Issues of Uncertainty and Scale in Derived Products

Lead Research Organisation: NERC British Geological Survey
Department Name: Environmental Modelling


When deciding how land should be utilised, planners require information about the status of that land and its relative suitability for different uses. For instance, planners might wish to compare the value of land for agricultural production (which might be determined from soil properties), for resource extraction (which might be determined from mineral resource information) and for housing (which will require information about flood and subsistence risk and the suitability of the land for building). The information required to make these assessments is often provided as spatial data products in which the relevant environmental property (e.g. soil pH or flood risk rating) is estimated on the nodes of a spatial-grid which covers the relevant landscape.

These spatial data products are derived from the data and models which are available for the landscape under consideration. A soil pH spatial product might be produced by interpolation of the pH values that were measured in a soil survey of the region. Alternatively, a mathematical model that integrates information about climate, topography and drainage might be used to determine the flood risk.

This project addresses two problems in such use of spatial data products. First, the planners are unlikely to be aware of or account for the uncertainty that is associated with the product. Some uncertainty will almost inevitably arise because it is rarely possible to measure at every relevant location. Second, the spatial product describes the expected value of the environmental property for a specific spatial scale and this might not be the scale at which information is required. For instance, in a mineral resource product, the horizontal scale of the estimates might correspond to the diameter of the boreholes in which the mineral concentrations were measured. However, planners might be interested in the mineral concentrations at a spatial scale equal to the size of a quarry. These issues propagate further if a spatial data product is used as an input to a mathematical or empirical model that leads to a further data product especially if the model has been designed to relate environmental properties at a scale which is inconsistent with the data products.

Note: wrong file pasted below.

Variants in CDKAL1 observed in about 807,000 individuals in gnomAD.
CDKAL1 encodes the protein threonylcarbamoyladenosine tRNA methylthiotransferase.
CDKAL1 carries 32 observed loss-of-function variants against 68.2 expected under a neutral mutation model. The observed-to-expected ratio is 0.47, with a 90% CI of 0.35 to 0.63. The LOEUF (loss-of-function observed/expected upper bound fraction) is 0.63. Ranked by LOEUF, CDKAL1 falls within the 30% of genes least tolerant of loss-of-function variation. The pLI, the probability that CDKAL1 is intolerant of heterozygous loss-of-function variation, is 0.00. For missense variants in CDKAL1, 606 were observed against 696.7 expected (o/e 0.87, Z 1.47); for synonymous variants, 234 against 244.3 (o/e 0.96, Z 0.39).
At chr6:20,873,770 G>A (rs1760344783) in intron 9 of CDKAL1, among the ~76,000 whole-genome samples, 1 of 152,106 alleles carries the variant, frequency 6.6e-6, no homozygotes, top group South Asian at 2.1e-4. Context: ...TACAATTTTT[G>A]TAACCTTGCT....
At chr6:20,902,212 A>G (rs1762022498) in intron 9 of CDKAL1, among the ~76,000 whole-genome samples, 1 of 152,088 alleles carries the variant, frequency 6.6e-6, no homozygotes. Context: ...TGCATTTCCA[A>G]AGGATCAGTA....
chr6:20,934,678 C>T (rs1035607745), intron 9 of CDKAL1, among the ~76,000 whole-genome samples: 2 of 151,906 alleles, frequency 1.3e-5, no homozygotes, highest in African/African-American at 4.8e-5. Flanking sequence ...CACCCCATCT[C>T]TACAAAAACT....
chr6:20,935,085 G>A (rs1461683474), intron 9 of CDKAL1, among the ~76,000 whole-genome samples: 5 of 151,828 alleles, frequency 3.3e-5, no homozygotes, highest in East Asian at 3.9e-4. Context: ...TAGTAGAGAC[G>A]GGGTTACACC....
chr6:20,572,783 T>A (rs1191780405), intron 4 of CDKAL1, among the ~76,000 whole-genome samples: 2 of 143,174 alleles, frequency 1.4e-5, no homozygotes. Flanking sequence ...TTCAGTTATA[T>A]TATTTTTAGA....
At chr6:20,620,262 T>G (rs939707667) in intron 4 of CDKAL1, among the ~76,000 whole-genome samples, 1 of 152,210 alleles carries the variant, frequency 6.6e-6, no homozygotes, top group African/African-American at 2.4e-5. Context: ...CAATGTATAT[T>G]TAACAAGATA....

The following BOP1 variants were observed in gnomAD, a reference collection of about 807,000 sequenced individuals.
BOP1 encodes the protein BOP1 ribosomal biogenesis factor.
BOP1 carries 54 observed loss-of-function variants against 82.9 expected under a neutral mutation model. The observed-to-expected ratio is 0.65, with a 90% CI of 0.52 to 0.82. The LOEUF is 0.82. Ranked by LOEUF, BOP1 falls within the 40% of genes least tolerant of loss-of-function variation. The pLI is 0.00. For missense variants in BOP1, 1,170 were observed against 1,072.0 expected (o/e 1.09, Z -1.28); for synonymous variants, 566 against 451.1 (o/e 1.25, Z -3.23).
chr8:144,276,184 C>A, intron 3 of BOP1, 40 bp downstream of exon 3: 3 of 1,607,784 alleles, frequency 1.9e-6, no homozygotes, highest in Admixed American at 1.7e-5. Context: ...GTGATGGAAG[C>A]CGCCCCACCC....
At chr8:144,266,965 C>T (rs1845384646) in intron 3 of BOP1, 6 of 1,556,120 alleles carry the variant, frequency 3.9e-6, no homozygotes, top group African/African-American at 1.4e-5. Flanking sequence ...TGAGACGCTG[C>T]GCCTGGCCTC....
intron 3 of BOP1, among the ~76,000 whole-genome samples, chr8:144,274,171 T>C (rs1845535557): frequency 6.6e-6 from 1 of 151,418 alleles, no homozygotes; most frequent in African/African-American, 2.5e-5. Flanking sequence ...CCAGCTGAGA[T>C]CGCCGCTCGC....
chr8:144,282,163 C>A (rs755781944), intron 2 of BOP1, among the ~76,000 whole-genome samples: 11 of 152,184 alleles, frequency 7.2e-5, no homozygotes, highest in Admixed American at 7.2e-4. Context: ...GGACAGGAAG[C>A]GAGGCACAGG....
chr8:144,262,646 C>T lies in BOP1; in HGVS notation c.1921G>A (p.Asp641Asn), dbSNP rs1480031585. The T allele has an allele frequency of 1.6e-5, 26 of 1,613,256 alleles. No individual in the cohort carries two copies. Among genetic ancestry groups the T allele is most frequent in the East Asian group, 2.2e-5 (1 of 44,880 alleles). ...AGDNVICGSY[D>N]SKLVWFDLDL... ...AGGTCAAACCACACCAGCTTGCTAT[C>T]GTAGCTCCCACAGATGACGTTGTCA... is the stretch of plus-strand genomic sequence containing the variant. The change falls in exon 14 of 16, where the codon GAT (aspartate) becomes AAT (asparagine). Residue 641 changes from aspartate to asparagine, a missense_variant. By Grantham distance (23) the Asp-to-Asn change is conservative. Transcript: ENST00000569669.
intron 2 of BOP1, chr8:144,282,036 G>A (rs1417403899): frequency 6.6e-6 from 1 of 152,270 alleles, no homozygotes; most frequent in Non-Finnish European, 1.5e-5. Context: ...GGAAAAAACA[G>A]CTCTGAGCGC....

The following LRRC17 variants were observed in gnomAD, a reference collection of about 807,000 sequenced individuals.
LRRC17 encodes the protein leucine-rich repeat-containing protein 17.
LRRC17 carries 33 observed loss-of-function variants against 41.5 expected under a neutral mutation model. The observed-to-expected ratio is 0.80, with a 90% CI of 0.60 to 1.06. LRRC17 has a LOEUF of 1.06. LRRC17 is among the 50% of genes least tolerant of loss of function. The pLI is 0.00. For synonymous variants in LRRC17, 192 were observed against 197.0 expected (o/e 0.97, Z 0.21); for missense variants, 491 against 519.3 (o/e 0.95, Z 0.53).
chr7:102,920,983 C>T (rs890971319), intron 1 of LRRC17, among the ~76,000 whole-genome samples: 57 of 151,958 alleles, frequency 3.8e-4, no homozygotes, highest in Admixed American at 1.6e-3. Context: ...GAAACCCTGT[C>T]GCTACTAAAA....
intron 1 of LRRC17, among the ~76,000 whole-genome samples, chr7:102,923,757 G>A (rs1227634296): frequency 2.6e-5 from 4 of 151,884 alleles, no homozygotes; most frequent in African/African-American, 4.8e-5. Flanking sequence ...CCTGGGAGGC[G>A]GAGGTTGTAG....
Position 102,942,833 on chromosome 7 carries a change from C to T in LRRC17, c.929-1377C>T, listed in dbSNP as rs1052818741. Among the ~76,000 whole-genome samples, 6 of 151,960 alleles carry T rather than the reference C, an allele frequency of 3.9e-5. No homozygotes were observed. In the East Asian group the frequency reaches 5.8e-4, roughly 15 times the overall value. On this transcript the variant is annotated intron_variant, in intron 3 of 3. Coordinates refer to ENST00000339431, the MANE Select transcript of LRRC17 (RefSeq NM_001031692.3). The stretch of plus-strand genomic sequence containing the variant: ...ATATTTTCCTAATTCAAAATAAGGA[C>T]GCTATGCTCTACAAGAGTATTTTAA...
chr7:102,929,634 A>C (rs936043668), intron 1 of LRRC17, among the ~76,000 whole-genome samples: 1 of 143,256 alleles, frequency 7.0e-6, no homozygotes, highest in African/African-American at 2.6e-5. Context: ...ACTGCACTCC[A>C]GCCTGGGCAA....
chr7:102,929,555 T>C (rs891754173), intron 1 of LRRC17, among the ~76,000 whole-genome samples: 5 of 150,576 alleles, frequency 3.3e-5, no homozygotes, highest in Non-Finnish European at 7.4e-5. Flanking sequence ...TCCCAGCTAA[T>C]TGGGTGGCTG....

In this project we will consider strategies for minimising, quantifying and communicating the uncertainty and scale related issues of spatial data products. We will relate these issues to two pertinent data sets regarding the carbon content of UK soils. We will determine how a spatial survey of such data might be cost-effectively designed to yield accurate estimates of the property of interest at different spatial scales. We will develop a statistical algorithm that can use the data that result from such a survey to produce data products at different spatial scales and explore the feasibility of making this algorithm available to end users of the data. Finally, we will consider the propagation of uncertainty when spatial data products are used to derive further products. In particular, we will quantify the uncertainty that results from using a spatial product of the radiometric properties of the soil as an input to a model of soil carbon concentrations. We will quantify this propagated uncertainty and explore the information that must be provided to users of the radiometric product if they are too are to be able to determine the degree of uncertainty that will appear in a resultant product.

This project is primarily a statistical study of the issues of scale and uncertainty in spatial data products. However, in addition to statisticians the project team includes experts in product development, data science and earth science who will provide valuable information and advice regarding about the project findings can be communicated to users of spatial data products.

Planned Impact

The proposed project will lead to information about the uncertainty in spatial data products being made available to decision makers and other users of the products. These products inform land managers about the status of the landscape and are vital in appropriate landscape decision making. The project will also lead to products being at the spatial scale which is of most relevance to a particular decision. These advances could facilitate a shift towards a more probabilistic approach to making landscape decisions that fully accounts for the potential risks and benefits of the various options under consideration. The information presented to decision makers would reflect the precision with which the landscape system is understood and not give undue precedence to 'most likely' yet highly uncertain assessments of the state of the system.